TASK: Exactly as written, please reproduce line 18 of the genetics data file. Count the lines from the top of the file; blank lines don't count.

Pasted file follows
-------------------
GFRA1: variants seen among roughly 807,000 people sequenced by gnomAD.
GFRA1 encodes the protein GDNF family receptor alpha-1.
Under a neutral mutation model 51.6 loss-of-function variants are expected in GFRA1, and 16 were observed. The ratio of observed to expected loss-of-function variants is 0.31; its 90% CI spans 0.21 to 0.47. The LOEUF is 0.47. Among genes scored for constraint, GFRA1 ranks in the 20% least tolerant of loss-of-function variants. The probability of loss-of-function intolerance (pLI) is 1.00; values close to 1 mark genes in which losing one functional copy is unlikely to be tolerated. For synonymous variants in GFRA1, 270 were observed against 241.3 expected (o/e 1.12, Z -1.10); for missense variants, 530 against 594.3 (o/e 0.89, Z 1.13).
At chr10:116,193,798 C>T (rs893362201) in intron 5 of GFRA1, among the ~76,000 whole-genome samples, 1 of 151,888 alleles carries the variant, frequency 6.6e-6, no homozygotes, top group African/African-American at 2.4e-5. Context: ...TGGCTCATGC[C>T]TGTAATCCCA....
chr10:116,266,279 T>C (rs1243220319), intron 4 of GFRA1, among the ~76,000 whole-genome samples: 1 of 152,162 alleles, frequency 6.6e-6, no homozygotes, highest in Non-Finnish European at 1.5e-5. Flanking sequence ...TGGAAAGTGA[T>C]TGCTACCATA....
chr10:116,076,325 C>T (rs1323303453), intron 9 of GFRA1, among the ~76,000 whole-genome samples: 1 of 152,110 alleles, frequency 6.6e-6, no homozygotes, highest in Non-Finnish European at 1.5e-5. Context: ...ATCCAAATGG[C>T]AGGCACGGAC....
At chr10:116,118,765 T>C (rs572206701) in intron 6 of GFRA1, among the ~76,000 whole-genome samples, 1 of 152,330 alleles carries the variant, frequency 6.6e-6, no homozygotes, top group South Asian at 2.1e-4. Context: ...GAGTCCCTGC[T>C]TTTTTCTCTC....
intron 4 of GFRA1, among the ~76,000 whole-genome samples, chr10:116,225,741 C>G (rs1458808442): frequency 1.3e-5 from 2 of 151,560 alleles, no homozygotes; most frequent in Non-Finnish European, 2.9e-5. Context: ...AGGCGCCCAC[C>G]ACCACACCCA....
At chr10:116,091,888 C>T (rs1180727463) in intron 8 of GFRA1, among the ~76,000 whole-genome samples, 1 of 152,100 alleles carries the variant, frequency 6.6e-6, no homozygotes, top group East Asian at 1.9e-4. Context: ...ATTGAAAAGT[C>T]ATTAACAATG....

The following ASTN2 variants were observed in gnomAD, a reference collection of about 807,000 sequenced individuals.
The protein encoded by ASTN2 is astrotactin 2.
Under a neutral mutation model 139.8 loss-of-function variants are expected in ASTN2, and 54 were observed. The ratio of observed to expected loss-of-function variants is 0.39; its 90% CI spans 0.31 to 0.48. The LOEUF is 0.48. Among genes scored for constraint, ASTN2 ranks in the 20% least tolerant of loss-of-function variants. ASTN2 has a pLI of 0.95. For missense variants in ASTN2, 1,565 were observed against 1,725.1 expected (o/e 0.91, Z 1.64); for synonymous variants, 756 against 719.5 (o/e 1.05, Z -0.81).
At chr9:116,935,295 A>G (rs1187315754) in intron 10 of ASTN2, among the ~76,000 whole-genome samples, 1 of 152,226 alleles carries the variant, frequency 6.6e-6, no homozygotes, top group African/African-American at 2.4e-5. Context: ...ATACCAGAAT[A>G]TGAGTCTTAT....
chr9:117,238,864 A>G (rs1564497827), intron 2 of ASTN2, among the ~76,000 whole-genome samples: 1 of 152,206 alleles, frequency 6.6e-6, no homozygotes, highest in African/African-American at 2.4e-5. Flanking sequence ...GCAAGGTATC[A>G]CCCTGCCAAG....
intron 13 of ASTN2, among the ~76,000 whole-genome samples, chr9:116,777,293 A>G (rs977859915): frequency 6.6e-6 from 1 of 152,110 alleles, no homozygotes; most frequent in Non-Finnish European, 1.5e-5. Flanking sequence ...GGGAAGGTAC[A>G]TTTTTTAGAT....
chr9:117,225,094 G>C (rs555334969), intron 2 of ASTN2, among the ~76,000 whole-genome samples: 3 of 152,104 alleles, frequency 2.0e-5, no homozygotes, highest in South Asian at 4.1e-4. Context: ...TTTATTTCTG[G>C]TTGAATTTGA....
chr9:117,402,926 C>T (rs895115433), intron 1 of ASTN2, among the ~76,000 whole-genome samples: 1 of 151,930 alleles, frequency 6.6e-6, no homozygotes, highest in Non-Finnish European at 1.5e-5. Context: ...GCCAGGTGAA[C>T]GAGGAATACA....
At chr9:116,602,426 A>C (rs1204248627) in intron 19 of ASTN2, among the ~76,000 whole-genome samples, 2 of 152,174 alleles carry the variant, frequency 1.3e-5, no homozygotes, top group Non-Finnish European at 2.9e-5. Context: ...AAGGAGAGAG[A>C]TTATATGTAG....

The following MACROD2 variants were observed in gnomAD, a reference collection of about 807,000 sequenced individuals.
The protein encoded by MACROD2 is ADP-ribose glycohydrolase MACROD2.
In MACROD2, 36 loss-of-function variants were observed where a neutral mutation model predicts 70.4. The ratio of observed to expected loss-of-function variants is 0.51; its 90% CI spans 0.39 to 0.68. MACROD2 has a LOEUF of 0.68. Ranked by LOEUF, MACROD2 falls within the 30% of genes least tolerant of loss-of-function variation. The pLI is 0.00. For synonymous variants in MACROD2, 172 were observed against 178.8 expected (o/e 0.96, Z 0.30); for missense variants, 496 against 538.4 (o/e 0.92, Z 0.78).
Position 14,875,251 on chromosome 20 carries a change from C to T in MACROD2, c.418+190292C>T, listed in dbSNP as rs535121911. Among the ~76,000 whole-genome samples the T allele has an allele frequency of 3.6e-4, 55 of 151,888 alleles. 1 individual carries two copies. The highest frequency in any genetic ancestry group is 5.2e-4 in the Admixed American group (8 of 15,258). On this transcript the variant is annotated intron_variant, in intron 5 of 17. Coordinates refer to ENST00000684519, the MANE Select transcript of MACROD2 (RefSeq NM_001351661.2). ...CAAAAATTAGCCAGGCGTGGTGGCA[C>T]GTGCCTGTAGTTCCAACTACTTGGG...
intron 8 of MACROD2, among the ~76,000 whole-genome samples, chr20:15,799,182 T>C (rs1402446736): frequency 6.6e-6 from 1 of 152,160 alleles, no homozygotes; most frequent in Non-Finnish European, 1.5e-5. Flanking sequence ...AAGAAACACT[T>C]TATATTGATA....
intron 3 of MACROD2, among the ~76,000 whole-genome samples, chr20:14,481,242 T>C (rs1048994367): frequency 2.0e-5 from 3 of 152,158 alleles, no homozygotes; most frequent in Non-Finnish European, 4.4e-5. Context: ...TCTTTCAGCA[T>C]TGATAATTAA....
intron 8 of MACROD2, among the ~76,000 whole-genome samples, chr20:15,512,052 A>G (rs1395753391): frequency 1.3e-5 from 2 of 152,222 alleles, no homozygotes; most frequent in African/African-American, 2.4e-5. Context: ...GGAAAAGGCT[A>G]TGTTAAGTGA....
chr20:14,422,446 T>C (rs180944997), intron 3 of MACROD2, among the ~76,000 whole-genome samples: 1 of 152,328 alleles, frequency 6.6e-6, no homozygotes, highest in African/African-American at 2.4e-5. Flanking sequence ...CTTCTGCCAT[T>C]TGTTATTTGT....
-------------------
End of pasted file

At chr9:116,602,426 A>C (rs1204248627) in intron 19 of ASTN2, among the ~76,000 whole-genome samples, 2 of 152,174 alleles carry the variant, frequency 1.3e-5, no homozygotes, top group Non-Finnish European at 2.9e-5. Context: ...AAGGAGAGAG[A>C]TTATATGTAG....